In 2019, Egypt became the first country in the Middle East and Africa to launch a Closing the Gender Gap Accelerator. While more women than men are now enrolled in university, women make up just over a third of professional and technical workers in Egypt. Women who are in the labor force are also less likely to be paid the same as their male colleagues for equivalent work or to rise to managerial positions.

In these countries, CEOs and Ministers work together over a three-year period on policies that help to further reduce the economic gender gaps in their countries. This includes extended parental leave, subsidized childcare, and removing unconscious bias in recruitment, retention, and promotion practices.

If you are a business in one of the Closing the Gender Gap Accelerator countries, you can join the local member base.

If you are a company or government in a country where we do not currently have a Closing the Gender Gap Accelerator, you can contact us to explore the possibilities of creating one.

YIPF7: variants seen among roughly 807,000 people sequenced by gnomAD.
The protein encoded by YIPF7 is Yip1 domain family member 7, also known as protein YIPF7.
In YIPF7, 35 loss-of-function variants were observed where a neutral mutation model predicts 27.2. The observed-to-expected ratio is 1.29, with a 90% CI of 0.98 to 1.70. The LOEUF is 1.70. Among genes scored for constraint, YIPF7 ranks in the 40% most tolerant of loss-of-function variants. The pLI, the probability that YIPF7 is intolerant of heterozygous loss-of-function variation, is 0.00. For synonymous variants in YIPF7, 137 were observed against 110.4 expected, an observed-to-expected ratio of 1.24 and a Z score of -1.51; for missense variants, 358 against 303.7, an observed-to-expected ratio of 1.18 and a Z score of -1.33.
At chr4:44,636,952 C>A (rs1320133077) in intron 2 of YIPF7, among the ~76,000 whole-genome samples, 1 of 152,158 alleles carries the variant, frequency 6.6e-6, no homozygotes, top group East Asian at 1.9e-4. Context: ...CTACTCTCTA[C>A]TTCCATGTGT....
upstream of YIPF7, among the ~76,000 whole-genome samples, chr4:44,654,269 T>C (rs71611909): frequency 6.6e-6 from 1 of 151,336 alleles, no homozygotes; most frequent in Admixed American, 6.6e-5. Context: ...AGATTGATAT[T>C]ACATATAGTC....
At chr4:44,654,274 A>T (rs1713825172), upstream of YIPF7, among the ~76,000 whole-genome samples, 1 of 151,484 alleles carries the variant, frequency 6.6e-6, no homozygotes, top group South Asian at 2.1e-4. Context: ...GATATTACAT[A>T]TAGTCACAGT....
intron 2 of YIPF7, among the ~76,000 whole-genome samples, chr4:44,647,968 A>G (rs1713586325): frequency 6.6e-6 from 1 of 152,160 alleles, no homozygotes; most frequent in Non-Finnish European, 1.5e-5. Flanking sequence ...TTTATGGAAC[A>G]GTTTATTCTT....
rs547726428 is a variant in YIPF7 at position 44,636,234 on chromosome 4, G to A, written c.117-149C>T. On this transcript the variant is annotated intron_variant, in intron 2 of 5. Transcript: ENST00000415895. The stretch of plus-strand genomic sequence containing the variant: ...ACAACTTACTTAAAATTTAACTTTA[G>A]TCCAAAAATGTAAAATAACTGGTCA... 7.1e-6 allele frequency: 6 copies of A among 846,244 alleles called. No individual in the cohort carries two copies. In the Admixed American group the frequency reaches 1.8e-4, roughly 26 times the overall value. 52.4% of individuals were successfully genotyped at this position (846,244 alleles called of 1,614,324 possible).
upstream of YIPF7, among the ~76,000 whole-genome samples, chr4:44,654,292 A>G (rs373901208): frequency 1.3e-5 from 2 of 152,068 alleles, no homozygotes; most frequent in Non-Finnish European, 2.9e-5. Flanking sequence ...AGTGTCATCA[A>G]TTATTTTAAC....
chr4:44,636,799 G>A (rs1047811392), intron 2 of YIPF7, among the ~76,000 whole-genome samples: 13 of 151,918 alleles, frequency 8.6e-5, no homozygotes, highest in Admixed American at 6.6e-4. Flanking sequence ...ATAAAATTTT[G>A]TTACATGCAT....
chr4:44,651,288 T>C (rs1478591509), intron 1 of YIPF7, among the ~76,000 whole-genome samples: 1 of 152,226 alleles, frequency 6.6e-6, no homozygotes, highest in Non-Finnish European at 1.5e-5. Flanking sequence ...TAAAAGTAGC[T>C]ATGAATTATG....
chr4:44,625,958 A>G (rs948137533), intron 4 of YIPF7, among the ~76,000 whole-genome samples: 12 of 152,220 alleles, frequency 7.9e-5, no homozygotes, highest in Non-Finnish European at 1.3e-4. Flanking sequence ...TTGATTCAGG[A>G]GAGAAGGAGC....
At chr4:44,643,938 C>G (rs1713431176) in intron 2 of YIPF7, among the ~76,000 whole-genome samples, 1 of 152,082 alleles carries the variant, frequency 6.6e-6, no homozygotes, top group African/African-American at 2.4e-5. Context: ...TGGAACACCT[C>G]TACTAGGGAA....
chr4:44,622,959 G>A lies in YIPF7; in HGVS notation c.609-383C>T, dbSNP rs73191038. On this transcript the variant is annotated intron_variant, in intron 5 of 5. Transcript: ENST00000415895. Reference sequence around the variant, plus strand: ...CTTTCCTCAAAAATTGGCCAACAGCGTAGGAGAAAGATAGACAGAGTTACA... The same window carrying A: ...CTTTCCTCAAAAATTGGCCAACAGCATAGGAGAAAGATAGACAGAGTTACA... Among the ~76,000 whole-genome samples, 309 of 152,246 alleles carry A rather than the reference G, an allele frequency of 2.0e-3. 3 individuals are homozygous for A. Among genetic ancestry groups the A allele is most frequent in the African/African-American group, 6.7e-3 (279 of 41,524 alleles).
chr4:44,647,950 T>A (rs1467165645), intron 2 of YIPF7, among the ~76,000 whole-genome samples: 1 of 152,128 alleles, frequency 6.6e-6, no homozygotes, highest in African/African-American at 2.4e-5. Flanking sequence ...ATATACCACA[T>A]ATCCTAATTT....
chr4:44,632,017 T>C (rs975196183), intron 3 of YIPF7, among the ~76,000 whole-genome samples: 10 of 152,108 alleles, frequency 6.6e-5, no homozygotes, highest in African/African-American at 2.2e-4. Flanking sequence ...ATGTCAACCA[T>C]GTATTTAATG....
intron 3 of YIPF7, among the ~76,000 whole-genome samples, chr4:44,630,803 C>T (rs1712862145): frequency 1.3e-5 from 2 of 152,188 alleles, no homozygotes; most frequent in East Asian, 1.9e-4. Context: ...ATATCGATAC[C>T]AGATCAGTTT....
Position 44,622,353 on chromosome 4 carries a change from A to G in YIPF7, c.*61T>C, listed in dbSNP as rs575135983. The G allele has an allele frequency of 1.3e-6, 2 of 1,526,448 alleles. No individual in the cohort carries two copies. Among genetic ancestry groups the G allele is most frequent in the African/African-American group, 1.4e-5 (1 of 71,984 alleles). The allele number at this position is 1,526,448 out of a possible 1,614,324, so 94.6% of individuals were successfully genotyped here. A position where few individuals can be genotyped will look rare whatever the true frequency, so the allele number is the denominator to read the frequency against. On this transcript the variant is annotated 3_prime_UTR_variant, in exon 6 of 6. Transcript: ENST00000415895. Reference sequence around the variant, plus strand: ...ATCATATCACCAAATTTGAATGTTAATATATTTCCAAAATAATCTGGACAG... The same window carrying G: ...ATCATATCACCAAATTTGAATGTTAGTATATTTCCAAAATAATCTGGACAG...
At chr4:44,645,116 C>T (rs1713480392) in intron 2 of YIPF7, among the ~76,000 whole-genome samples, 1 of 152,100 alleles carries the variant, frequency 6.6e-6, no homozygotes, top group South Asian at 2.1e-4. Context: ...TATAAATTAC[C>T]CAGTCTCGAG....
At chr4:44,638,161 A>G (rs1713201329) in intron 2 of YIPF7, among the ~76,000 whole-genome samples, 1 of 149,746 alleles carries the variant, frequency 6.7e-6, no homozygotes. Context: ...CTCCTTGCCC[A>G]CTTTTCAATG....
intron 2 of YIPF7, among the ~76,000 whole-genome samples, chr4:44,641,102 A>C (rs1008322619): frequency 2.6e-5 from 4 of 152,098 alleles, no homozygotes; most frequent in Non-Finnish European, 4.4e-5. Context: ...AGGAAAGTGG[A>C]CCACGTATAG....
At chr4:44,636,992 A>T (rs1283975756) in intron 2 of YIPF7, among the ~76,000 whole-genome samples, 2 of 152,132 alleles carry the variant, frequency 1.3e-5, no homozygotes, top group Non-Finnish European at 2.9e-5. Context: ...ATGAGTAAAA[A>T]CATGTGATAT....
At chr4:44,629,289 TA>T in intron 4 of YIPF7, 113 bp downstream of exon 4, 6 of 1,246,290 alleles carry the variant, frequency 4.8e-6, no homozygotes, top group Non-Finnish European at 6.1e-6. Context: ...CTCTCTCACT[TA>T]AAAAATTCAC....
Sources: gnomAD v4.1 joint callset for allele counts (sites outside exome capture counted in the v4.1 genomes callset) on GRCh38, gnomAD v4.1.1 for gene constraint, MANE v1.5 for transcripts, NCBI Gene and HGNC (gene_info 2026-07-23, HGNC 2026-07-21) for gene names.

2: Develop the pool of female entrepreneurs with the skills to be part of investment teams

  • Incentivize more women to join investment teams as a career opportunity (e.g. internship, venture capital and rotation programs);
  • Improve the experience of women who are already part of investment teams (e.g. mentoring, increased networking opportunities);
  • Increase leadership opportunities for women in investment teams (eg, executive sponsorship, transparency on roles and opportunities, training).

According to a study by Atomico, 36% of venture capitalists have not introduced quantifiable diversity objectives. Our research found that this problem was even more prevalent among venture capitalists: 70% of venture capitalists who responded to our survey indicated that “diversity is important, but we do NOT have a Specific objectives”.

It is clear that much needs to be done to harness the potential of corporate venture capital to close the opportunity gap for women entrepreneurs.

Melvin B. Baillie